2.6. Measurement of Antioxidant Activity

The DPPH free-radical scavenging activity and 2, 2-azino-bis-3-ethylbenzothiazoline-6-sulfonic acid (ABTS) radical-scavenging activity of RGE and RGO were evaluated using the method described by Kandi Sridhar and Albert Linton Charles with modification [14]. Briefly, RGE and RGO sample extract or positive control (ascorbic acid) with various concentrations were added to the same volume of DPPH (100 μM). The mixtures were vortexed and incubated at room temperature for 20 min in the dark. Finally, the absorbance was determined using a spectrophotometer at 515 nm. For the ABTS assay, the ABTS method was produced with reacting the aqueous solution of ABTS with potassium persulfate in the same volume and allowed to react for 24 h at room temperature in the dark. The ABTS radical cation (1 mL) solution was mixed with 0.1 mL of extract or positive control (trolox) at different concentrations. The mixtures were incubated at room temperature for 10 min in the dark. Finally, the absorbance was measured at 734 nm with spectrophotometer.

2.7. Measurement of Serum Markers for Oxidative Stress Alanine Aminotransferase and Aspartate Aminotransferase Activity in Serum

Mice were sacrificed 2 h after the last administration from each group. Blood samples were collected and centrifuged. The levels of alanine aminotransferase (ALT), aspartate aminotransferase (AST), superoxide dismutase (SOD), catalase (CAT), and 8-hydroxy-2-deoxyguanosine (8-OHdG) were measured according to kit instructions.

2.8. Histological Analysis

For evaluating the histopathological changes, the liver tissues were fixed in 10% formalin and routinely processed in a graded ethanol series and toluene, as described previously [25]. The tissues were then embedded in paraffin and sectioned into 5-μm-thick slices. The sections were stained with hematoxylin and eosin (H&E) as previously described, and the pathological changes were observed under a light microscope.

2.9. Determination of Phototoxicity

Phototoxicity was evaluated using RGO and CPZ on the mouse fibroblast cell line Balb/c 3T3 using a previously described method [21]. Cells were seeded in two 96-well plates with (+UV) and without (−UV) UV light for RGO and CPZ at a density of cells/well. DMSO in cell media was used as a negative control. After dispensing 100 μL of cell suspension ( cells/well) in the culture medium, the plates were incubated for 24 h at 37°C and 5% CO2. After 24 h, the medium was removed, cells were washed with PBS, and 100 μL of the test materials, positive control, and negative control were added to the wells (). The plates were incubated at 37°C and 5% CO2 for 1 h, after which the irradiated plate was exposed to UV light (5 J/cm2), and the nonirradiated plate was shielded with an aluminum foil. After UV exposure, the medium was decanted, and 100 μL of the medium was added. The cells were incubated at 37°C and 5% CO2 for 24 h. The medium was removed and washed with PBS. Then, 100 μL of NR solution (50 μg/mL) was added to each well and incubated at 37°C and 5% CO2 for 3 h. After removing the NR medium, it was washed with PBS. Next, 150 μL of NR extractant solution was added to each well, and the plates were shaken on a plate shaker for 30 min in a light-shielded state. Finally, the absorbance was measured at a wavelength of 540 nm using a multichannel microplate reader. The absorbance data were used in the phototox software (Phototox 2.0, ZEBET at the BFR, Berlin Germany) to obtain cell viability data at different concentrations.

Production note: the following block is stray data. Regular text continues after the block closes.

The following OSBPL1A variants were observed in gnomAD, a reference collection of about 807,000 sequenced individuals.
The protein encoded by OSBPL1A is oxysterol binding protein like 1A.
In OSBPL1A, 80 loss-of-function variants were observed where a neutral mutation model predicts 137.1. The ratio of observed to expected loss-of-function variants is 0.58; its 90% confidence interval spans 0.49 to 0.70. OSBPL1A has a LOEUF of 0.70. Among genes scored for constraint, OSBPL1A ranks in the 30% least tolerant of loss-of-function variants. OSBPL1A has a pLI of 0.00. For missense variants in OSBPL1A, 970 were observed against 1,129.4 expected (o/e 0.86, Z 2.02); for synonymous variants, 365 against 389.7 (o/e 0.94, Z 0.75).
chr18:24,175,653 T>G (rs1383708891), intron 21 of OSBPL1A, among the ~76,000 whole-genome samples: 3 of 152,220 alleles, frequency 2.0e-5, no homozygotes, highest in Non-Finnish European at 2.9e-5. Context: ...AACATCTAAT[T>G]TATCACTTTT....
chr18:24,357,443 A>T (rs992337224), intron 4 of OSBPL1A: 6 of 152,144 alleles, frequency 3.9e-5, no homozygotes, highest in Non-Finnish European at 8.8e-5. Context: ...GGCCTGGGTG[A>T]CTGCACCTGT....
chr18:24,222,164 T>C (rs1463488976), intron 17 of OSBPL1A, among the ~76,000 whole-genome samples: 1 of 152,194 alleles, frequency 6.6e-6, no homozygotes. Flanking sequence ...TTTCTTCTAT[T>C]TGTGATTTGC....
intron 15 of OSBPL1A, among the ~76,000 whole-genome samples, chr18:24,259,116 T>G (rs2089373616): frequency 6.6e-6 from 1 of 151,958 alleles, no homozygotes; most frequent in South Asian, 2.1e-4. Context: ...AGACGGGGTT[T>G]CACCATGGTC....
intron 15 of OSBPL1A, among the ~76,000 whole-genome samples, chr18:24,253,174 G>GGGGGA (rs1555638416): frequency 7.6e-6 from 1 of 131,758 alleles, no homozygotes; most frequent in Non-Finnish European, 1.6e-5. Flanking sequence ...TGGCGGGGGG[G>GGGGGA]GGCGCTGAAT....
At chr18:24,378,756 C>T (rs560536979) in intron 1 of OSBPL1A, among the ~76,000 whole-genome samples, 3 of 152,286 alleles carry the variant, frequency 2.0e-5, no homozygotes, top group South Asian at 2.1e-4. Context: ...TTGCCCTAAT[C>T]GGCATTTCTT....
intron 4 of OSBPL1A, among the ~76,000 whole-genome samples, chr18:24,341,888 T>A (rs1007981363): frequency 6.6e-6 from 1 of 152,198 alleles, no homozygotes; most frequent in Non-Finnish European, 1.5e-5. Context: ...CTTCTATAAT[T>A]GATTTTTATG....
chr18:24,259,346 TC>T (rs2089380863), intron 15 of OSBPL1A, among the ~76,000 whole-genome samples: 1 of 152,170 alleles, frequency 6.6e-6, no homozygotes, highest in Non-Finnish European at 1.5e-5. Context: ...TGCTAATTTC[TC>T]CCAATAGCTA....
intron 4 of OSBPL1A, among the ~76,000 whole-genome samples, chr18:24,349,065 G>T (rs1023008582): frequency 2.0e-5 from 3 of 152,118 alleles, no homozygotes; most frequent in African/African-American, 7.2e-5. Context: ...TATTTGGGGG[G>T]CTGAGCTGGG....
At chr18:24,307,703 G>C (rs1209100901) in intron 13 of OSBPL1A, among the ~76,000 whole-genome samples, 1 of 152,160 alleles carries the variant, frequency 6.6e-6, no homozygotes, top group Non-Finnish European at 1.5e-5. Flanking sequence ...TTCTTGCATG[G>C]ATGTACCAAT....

2.10. Statistical Analysis

The experimental data were expressed as (SD). Statistical significance was determined using ANOVA. The statistical significance of data is denoted on the graphs by asterisks (), with the significance values as , , and .

3. Results

3.1. Effects of RGE and RGO on DPPH and ABTS Free Radicals

The antioxidant activities of RGE and RGO were determined using the DPPH and ABTS assay. The results showed that RGE effectively scavenged the radicals of DPPH at 60 mg/mL to the extent of the positive control, which was 10 mg/mL of ascorbic acid (Figure 1(a)). On the other hand, RGO scavenged the radicals of DPPH from concentrations of 125 to 500 mg/mL (Figure 1(b)). Regarding the ABTS assay results, it was found that RGE effectively reduced the radicals completely at 5 mg/mL concentration, similar to the level of trolox, a water-soluble conjugate of vitamin E that was used as a positive control in this assay (Figure 1(c)). The concentration of trolox used in this study was 10 μM. In the case of RGO, a concentration of 30 mg/mL showed an efficacy of approximately 80% in inhibiting ABTS radicals (Figure 1(d)).